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Cystic Fibrosis and Exercise

How Does Exercise Help Children with Cystic Fibrosis?

Exercise can benefit almost everyone. Research has shown that there are several other benefits for those with cystic fibrosis (CF).

In healthy children, exercise can:

  • Make heart and lungs stronger
  • Improve mood, psychological benefits
  • Improve bone health
  • Increase muscle strength
  • Help weight management
  • Improve blood lipids, blood pressure
  • Reduce risk of diabetes, heart disease
  • Improve gross-motor skills (used for jumping, throwing)
  • Improve quality of sleep

Children with CF can benefit from all those listed above PLUS these benefits reported in scientific research:

  • Releases mucus, form of ACT
  • Strengthens lungs
  • Slows the rate of decline in FEV1 and may show small increases in FEV1
  • Small increases in body weight (especially with strength training)
  • Improves quality of life
  • Increases rate of survival
  • Improves balance, flexibility

What to Know Before Starting Exercise

Before your child starts to do more exercises than normal, we suggest getting an exercise test to see how well your child’s lungs and heart are working. This test tells the doctors and exercise physiologist:

  • How hard your child can safely exercise
  • If there are any underlying health conditions that are only present during exercise
  • Your child’s level of fitness

For more information about the exercise test, talk to your doctor or exercise physiologist. After your child does an exercise test, the exercise physiologist will help you and your child start an appropriate exercise program and will keep track of your child’s progress.

Exercises to Avoid

Children with CF should not scuba dive, skydive, bungee jump or do high-intensity activities at high altitudes (mountain climbing). Children who have an enlarged liver or spleen should avoid collision sports such as football, basketball and soccer.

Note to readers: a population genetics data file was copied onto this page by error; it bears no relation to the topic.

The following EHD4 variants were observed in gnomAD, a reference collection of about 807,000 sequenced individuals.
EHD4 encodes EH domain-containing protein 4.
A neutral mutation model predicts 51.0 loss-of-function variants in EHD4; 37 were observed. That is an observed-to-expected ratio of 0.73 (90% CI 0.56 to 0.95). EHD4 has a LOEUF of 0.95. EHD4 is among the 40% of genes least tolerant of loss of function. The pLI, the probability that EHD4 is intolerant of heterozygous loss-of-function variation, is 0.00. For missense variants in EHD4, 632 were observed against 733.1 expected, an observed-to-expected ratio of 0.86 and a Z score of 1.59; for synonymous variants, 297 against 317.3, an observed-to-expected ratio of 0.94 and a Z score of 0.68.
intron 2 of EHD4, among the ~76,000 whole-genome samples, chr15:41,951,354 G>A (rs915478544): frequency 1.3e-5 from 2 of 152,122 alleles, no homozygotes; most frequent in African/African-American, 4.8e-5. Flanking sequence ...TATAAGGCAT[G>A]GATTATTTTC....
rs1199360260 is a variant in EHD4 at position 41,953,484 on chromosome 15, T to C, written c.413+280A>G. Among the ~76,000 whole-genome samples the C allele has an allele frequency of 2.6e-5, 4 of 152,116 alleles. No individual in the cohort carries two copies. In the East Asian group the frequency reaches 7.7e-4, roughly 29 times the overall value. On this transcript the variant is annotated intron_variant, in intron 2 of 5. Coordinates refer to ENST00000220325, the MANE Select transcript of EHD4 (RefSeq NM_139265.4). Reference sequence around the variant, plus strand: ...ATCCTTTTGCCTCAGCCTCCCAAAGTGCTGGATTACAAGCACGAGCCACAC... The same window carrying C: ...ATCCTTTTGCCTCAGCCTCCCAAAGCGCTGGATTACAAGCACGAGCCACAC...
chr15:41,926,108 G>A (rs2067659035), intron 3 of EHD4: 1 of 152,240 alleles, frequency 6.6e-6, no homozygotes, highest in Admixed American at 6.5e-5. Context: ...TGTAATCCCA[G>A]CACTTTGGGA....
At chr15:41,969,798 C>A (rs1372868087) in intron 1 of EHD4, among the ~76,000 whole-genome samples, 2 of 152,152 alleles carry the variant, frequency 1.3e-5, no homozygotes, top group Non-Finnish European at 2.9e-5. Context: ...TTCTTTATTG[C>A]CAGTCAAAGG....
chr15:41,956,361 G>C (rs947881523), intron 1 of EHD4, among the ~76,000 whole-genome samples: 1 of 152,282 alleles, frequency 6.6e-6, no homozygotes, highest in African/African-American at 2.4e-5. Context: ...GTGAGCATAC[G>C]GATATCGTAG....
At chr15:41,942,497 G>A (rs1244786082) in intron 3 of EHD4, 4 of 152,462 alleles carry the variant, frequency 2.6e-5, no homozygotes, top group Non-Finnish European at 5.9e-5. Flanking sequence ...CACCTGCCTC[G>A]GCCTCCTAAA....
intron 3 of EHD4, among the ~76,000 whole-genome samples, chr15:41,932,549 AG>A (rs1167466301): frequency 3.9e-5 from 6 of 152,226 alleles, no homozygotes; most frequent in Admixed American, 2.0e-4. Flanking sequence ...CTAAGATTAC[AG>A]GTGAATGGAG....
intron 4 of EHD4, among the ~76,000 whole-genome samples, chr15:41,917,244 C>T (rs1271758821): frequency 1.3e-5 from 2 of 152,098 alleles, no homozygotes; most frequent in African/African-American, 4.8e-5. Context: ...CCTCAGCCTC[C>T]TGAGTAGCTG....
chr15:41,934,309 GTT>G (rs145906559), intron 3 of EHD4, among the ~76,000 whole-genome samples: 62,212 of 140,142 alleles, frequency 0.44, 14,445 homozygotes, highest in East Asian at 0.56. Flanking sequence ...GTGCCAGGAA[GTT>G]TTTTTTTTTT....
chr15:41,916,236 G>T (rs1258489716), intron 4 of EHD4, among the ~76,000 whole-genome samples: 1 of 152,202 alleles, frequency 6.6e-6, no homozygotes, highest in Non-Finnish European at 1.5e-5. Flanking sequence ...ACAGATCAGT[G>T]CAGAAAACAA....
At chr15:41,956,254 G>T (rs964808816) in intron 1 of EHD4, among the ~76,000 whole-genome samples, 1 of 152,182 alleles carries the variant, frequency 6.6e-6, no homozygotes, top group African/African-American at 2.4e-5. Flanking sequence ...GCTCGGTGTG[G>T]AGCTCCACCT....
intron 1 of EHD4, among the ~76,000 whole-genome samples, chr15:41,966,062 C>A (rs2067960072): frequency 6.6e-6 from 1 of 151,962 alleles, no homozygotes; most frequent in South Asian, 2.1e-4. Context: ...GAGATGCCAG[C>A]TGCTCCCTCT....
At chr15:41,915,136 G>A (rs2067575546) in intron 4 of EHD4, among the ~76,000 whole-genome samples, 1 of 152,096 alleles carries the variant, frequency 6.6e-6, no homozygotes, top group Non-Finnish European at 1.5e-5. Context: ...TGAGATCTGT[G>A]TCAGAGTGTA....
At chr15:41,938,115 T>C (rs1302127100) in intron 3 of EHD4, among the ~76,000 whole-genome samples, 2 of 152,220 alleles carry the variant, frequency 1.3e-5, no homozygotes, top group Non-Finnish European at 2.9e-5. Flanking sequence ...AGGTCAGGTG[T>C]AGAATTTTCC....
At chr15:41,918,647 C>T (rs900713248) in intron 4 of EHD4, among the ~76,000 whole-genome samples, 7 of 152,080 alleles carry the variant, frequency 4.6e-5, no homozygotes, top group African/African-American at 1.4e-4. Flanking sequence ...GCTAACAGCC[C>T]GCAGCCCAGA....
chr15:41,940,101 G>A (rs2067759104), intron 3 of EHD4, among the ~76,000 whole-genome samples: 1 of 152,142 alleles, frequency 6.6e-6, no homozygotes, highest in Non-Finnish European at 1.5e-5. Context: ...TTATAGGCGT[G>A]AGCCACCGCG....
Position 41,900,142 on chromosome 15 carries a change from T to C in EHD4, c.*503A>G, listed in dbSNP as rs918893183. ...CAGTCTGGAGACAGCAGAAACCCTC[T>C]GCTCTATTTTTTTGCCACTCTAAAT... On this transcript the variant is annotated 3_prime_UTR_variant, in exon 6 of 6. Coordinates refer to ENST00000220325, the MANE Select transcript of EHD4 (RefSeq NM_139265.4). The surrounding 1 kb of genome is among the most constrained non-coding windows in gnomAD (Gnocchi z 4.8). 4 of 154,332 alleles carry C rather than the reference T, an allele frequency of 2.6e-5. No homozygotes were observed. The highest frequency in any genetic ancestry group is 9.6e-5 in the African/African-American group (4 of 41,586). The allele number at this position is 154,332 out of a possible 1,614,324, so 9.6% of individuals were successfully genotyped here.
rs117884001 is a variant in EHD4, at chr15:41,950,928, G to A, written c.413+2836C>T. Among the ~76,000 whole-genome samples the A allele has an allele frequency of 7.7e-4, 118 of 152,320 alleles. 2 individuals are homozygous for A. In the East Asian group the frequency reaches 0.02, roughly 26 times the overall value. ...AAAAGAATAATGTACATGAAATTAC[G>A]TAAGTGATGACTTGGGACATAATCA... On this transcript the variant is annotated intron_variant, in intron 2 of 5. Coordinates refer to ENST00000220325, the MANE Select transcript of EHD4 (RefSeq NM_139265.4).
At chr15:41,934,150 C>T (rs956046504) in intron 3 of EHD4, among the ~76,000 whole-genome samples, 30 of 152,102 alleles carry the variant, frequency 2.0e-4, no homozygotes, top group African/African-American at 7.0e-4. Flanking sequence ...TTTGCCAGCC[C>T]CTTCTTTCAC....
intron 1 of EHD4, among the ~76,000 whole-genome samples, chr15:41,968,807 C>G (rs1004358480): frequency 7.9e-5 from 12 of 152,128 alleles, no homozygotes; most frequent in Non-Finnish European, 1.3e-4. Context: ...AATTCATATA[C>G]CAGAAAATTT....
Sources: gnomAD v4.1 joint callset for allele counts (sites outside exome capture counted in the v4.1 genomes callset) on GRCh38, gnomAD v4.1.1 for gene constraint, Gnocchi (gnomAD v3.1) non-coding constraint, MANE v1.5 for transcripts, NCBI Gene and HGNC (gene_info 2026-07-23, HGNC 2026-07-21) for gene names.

Helping Your Child With Exercise

The most important thing is to make exercise enjoyable for your child. Here are some tips on making exercise fun:

  • Make it a social event. Take this chance to spend more time with your child and go on a family bike ride or play sports together. Perhaps your child can invite a friend to do exercise. Some children are more competitive and would benefit from being a part of a sports or dance team.
  • Try something different. One of the most common reasons why people stop exercising is because it becomes boring. Urge your child to try different kinds of activities – even activities you have never tried before or activities you think your child will not like. Just like trying new foods, you never know if you will like an activity until you try it!
  • Set small, achievable goals. Work with your child to set achievable goals. For instance, if your child likes to walk or run, set a goal to run a 5K race. Be careful not to set expectations too high because disappointment can cause your child to not enjoy the activity.

Things to Remember

  • Exercise may cause your child to cough, and this is normal in children with CF. You may want to encourage your child to keep tissues nearby while exercising. If you are concerned about your child’s coughing during exercise, talk with your doctor and exercise physiologist. Sometimes children with CF can benefit from using an inhaler before exercising.
  • Urge your child to perform huff coughs during and especially after exercise. These coughs will help release more mucus compared to regular coughing.
  • Have your child drink plenty of fluids. Your child may need to drink water before, during and especially after exercise. Get in the habit of keeping a water bottle close by when your child is exercising. During hot weather, children with CF may lose large amounts of sodium and chloride through sweat and will need to replace these nutrients. Most sports drinks (like GatoradeTM and PoweradeTM) contain sodium and chloride.
  • Children who have cystic fibrosis-related diabetes mellitus (CFRD) may need to increase carbohydrate intake on the days that they exercise. Ask your dietitian, exercise physiologist or doctor if you are concerned about your child’s blood glucose.

Last Updated 06/2020

Reviewed By Jennifer Mack, RNIII, Cystic Fibrosis Center Coordinator